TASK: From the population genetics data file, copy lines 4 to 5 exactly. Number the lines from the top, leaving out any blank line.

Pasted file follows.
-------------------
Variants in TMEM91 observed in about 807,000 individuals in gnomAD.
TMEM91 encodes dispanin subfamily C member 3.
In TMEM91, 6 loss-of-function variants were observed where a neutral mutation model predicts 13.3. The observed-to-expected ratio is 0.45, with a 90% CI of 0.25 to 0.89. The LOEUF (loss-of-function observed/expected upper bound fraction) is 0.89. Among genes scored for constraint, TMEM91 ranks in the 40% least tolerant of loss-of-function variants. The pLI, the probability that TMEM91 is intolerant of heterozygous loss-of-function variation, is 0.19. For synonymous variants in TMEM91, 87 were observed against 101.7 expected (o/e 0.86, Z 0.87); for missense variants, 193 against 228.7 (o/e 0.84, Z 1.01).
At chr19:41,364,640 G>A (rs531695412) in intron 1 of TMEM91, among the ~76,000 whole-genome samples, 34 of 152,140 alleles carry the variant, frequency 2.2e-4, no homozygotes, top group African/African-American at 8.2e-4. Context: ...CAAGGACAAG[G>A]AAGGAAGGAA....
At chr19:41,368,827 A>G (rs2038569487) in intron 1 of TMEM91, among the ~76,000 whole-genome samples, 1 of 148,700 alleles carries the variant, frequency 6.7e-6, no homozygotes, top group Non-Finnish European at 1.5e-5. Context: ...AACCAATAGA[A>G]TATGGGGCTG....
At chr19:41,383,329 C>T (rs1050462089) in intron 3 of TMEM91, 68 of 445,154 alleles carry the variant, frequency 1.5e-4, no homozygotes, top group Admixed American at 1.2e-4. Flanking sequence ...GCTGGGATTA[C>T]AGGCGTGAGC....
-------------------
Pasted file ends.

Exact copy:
At chr19:41,364,640 G>A (rs531695412) in intron 1 of TMEM91, among the ~76,000 whole-genome samples, 34 of 152,140 alleles carry the variant, frequency 2.2e-4, no homozygotes, top group African/African-American at 8.2e-4. Context: ...CAAGGACAAG[G>A]AAGGAAGGAA....
At chr19:41,368,827 A>G (rs2038569487) in intron 1 of TMEM91, among the ~76,000 whole-genome samples, 1 of 148,700 alleles carries the variant, frequency 6.7e-6, no homozygotes, top group Non-Finnish European at 1.5e-5. Context: ...AACCAATAGA[A>G]TATGGGGCTG....